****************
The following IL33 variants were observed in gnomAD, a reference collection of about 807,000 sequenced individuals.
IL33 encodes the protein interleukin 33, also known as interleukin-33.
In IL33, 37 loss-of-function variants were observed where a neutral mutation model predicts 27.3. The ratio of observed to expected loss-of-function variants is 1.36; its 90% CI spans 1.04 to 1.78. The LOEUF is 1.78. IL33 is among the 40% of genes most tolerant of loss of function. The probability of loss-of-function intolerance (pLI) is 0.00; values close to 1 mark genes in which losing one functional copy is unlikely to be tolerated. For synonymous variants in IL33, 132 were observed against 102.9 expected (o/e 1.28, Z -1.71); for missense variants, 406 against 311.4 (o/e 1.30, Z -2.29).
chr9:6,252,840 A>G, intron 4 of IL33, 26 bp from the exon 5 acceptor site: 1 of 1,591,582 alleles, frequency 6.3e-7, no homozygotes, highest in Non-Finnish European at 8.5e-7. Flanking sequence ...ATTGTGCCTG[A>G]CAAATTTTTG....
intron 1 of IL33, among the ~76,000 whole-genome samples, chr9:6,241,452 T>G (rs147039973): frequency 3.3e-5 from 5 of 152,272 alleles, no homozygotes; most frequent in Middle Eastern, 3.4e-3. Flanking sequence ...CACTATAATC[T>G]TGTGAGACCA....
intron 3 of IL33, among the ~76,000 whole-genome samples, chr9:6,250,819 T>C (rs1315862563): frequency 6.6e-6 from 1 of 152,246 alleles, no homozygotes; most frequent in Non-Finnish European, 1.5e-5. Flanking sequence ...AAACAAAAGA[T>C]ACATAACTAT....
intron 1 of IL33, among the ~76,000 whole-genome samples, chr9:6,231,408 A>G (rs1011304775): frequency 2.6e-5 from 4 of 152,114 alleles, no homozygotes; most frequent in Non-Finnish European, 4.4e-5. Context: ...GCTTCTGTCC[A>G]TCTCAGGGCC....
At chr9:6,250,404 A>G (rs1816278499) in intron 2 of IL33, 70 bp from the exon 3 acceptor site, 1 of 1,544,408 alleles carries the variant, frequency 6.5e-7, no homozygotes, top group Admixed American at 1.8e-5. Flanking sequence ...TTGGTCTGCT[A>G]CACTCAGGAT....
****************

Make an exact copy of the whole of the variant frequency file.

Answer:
The following IL33 variants were observed in gnomAD, a reference collection of about 807,000 sequenced individuals.
IL33 encodes the protein interleukin 33, also known as interleukin-33.
In IL33, 37 loss-of-function variants were observed where a neutral mutation model predicts 27.3. The ratio of observed to expected loss-of-function variants is 1.36; its 90% CI spans 1.04 to 1.78. The LOEUF is 1.78. IL33 is among the 40% of genes most tolerant of loss of function. The probability of loss-of-function intolerance (pLI) is 0.00; values close to 1 mark genes in which losing one functional copy is unlikely to be tolerated. For synonymous variants in IL33, 132 were observed against 102.9 expected (o/e 1.28, Z -1.71); for missense variants, 406 against 311.4 (o/e 1.30, Z -2.29).
chr9:6,252,840 A>G, intron 4 of IL33, 26 bp from the exon 5 acceptor site: 1 of 1,591,582 alleles, frequency 6.3e-7, no homozygotes, highest in Non-Finnish European at 8.5e-7. Flanking sequence ...ATTGTGCCTG[A>G]CAAATTTTTG....
intron 1 of IL33, among the ~76,000 whole-genome samples, chr9:6,241,452 T>G (rs147039973): frequency 3.3e-5 from 5 of 152,272 alleles, no homozygotes; most frequent in Middle Eastern, 3.4e-3. Flanking sequence ...CACTATAATC[T>G]TGTGAGACCA....
intron 3 of IL33, among the ~76,000 whole-genome samples, chr9:6,250,819 T>C (rs1315862563): frequency 6.6e-6 from 1 of 152,246 alleles, no homozygotes; most frequent in Non-Finnish European, 1.5e-5. Flanking sequence ...AAACAAAAGA[T>C]ACATAACTAT....
intron 1 of IL33, among the ~76,000 whole-genome samples, chr9:6,231,408 A>G (rs1011304775): frequency 2.6e-5 from 4 of 152,114 alleles, no homozygotes; most frequent in Non-Finnish European, 4.4e-5. Context: ...GCTTCTGTCC[A>G]TCTCAGGGCC....
At chr9:6,250,404 A>G (rs1816278499) in intron 2 of IL33, 70 bp from the exon 3 acceptor site, 1 of 1,544,408 alleles carries the variant, frequency 6.5e-7, no homozygotes, top group Admixed American at 1.8e-5. Flanking sequence ...TTGGTCTGCT[A>G]CACTCAGGAT....